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ERIC Number: ED438548
Record Type: Non-Journal
Publication Date: 1999-Dec
Pages: 129
Abstractor: N/A
Reference Count: N/A
ISBN: N/A
ISSN: N/A
Improving Student Language and Literacy Skills through Vocabulary Development and Phonemic Awareness.
Bogott, Tricia; Letmanski, Jeanette; Miller, Bethany
This report describes a program for improving language and literacy development among young children. The targeted population consisted of public school children, ages three to five, enrolled in an early childhood special education program and an at-risk prekindergarten program. The problems of delayed language and literacy development skills were documented by parent and teacher surveys, parent reports that document literacy skills, and observations by trained professionals. Analysis of probable cause data revealed that many at-risk students display a deficit of language and literacy development related to vocabulary and phonemic awareness. The kindergarten staff has reported students are entering kindergarten unprepared in the area of reading readiness. Review of the research suggested that delays in the areas of language and literacy development if left unaddressed early in the child's life, would follow them throughout their school career and workplace. A review of solution strategies suggested by researchers in the field of education, combined with an analysis of the problem setting resulted in the development of a district wide program for improving language and literacy development. The program involved the implementation of a literature-based early childhood curriculum. Prior to the implementation of this curriculum, the children were given a phonemic awareness inventory. The curriculum was based on children's literature that was predictable, followed a familiar sequence, had repetitive patterns, and had concepts that were familiar to most early readers. Based on the chosen children's literature each child was given a pretest on the key vocabulary. After exposure the children were given a posttest to reassess their vocabulary. At the end of the school year, the children were reassessed to document any changes in their knowledge of phonemic awareness. Post intervention data indicated that the students made gains in the areas of vocabulary development and improved phonemic awareness. The children displayed increased motivation during classroom activities and a new appreciation for literature. The prekindergarten children demonstrated improved book handling skills, an awareness of rhyming words, increased participation in classroom libraries, utilization of classroom writing centers, and increased awareness of print. (Contains 43 references.) (Author/RS)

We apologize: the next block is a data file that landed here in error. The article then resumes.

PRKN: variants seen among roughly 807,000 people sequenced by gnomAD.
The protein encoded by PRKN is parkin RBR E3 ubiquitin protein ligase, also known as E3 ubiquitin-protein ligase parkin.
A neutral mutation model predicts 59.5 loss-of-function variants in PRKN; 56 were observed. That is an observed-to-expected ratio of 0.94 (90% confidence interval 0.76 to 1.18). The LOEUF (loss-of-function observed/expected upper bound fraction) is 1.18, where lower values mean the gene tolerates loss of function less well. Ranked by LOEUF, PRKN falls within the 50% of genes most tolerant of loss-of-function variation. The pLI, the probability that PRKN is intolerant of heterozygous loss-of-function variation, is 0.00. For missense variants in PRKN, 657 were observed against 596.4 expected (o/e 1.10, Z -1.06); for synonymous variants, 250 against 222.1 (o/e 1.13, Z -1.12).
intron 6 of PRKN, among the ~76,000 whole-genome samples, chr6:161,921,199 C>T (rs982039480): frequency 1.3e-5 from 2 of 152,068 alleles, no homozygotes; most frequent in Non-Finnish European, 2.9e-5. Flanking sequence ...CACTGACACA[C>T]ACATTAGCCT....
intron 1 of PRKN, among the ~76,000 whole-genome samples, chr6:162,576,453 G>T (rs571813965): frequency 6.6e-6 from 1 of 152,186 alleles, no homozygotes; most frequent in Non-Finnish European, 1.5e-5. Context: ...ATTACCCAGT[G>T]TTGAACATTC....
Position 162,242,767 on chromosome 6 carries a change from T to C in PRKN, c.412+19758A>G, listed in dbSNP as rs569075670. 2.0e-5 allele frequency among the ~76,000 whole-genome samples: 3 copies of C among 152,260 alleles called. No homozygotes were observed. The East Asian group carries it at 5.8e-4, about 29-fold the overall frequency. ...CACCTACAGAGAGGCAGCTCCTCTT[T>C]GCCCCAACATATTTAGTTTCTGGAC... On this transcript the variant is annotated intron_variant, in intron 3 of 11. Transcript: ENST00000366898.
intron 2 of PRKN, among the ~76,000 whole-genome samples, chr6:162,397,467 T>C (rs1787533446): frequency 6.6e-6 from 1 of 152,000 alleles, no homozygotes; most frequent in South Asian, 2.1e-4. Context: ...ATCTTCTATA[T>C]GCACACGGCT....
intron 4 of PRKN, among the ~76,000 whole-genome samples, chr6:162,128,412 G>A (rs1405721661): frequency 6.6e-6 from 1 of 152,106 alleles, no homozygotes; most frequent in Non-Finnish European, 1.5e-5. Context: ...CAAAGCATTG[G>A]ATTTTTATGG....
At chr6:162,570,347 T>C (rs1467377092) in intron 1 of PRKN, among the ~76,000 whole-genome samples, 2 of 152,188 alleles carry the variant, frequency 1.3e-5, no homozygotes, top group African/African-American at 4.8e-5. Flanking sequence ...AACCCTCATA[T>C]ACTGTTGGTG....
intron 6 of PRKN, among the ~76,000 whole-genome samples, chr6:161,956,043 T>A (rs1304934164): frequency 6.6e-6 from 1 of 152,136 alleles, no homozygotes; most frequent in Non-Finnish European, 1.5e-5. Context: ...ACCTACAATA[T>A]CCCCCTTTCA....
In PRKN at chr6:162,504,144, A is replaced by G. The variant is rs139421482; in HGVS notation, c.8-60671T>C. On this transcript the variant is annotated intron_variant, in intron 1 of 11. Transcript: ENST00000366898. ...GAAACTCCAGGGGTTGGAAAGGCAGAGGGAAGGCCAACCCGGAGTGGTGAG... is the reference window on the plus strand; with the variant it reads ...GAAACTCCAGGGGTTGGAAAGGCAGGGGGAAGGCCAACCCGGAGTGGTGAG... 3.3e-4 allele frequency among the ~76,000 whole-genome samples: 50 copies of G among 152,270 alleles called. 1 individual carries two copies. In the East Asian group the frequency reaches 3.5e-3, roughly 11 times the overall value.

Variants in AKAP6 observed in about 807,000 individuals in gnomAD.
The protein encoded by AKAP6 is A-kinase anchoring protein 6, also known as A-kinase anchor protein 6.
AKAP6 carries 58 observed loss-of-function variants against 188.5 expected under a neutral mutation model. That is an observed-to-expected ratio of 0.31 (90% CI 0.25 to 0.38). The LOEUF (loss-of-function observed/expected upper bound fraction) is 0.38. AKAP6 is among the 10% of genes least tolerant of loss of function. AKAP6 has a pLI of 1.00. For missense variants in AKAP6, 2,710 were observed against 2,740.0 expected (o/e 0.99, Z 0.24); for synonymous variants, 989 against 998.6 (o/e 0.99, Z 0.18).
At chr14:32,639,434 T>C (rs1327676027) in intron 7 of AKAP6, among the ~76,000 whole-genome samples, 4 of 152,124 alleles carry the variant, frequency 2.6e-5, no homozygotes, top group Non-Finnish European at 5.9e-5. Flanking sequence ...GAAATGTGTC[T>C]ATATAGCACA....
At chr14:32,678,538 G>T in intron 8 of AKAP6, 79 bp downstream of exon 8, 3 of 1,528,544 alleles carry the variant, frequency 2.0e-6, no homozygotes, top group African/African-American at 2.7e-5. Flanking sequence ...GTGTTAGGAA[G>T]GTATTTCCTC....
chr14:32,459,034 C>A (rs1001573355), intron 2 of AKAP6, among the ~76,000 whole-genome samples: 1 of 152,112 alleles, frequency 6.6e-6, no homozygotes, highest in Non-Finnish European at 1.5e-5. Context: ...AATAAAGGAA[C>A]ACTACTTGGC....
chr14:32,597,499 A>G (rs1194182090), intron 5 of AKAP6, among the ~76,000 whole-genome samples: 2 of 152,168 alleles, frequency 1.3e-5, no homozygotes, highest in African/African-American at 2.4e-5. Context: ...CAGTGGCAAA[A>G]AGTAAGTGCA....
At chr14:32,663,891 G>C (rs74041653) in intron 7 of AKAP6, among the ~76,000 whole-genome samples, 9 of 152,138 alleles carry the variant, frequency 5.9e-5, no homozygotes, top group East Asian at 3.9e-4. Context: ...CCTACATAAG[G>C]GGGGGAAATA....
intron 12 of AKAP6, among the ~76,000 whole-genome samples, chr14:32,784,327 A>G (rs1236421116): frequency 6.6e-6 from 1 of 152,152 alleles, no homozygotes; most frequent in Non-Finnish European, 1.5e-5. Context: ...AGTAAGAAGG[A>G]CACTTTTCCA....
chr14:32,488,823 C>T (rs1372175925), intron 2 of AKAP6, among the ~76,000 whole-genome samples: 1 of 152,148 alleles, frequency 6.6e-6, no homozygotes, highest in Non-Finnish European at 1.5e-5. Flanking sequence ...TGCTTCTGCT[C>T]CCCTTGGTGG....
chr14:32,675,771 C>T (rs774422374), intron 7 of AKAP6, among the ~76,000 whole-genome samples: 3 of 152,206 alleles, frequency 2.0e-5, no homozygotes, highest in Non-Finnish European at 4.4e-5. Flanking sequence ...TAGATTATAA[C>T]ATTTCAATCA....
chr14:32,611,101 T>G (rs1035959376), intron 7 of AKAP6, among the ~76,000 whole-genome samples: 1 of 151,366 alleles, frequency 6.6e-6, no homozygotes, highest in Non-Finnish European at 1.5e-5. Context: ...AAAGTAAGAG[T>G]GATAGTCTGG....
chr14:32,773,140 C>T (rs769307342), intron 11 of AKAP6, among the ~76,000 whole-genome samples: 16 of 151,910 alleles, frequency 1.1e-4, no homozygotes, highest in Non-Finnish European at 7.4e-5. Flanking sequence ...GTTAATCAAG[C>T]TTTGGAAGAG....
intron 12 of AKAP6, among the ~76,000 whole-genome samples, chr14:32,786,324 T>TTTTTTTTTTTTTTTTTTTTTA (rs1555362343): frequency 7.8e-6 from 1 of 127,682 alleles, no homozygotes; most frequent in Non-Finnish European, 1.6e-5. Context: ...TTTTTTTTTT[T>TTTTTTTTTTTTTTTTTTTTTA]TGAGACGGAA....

Publication Type: Dissertations/Theses
Education Level: N/A
Audience: N/A
Language: English
Sponsor: N/A
Authoring Institution: N/A